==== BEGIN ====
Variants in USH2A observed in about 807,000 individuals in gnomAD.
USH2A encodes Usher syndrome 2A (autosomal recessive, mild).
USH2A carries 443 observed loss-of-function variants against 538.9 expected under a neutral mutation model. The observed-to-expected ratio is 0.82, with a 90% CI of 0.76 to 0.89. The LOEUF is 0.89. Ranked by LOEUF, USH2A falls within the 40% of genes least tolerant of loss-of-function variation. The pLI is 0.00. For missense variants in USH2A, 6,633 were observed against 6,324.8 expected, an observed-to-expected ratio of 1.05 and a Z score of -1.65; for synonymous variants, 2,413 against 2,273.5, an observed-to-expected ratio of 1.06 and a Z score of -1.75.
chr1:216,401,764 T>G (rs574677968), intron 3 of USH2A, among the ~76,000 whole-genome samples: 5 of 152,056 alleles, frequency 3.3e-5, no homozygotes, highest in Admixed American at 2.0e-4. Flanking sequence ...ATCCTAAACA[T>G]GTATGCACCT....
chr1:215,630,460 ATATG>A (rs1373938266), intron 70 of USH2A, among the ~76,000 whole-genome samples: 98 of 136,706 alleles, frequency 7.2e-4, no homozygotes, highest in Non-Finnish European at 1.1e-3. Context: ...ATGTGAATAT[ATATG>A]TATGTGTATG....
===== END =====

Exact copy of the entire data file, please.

Variants in USH2A observed in about 807,000 individuals in gnomAD.
USH2A encodes Usher syndrome 2A (autosomal recessive, mild).
USH2A carries 443 observed loss-of-function variants against 538.9 expected under a neutral mutation model. The observed-to-expected ratio is 0.82, with a 90% CI of 0.76 to 0.89. The LOEUF is 0.89. Ranked by LOEUF, USH2A falls within the 40% of genes least tolerant of loss-of-function variation. The pLI is 0.00. For missense variants in USH2A, 6,633 were observed against 6,324.8 expected, an observed-to-expected ratio of 1.05 and a Z score of -1.65; for synonymous variants, 2,413 against 2,273.5, an observed-to-expected ratio of 1.06 and a Z score of -1.75.
chr1:216,401,764 T>G (rs574677968), intron 3 of USH2A, among the ~76,000 whole-genome samples: 5 of 152,056 alleles, frequency 3.3e-5, no homozygotes, highest in Admixed American at 2.0e-4. Flanking sequence ...ATCCTAAACA[T>G]GTATGCACCT....
chr1:215,630,460 ATATG>A (rs1373938266), intron 70 of USH2A, among the ~76,000 whole-genome samples: 98 of 136,706 alleles, frequency 7.2e-4, no homozygotes, highest in Non-Finnish European at 1.1e-3. Context: ...ATGTGAATAT[ATATG>A]TATGTGTATG....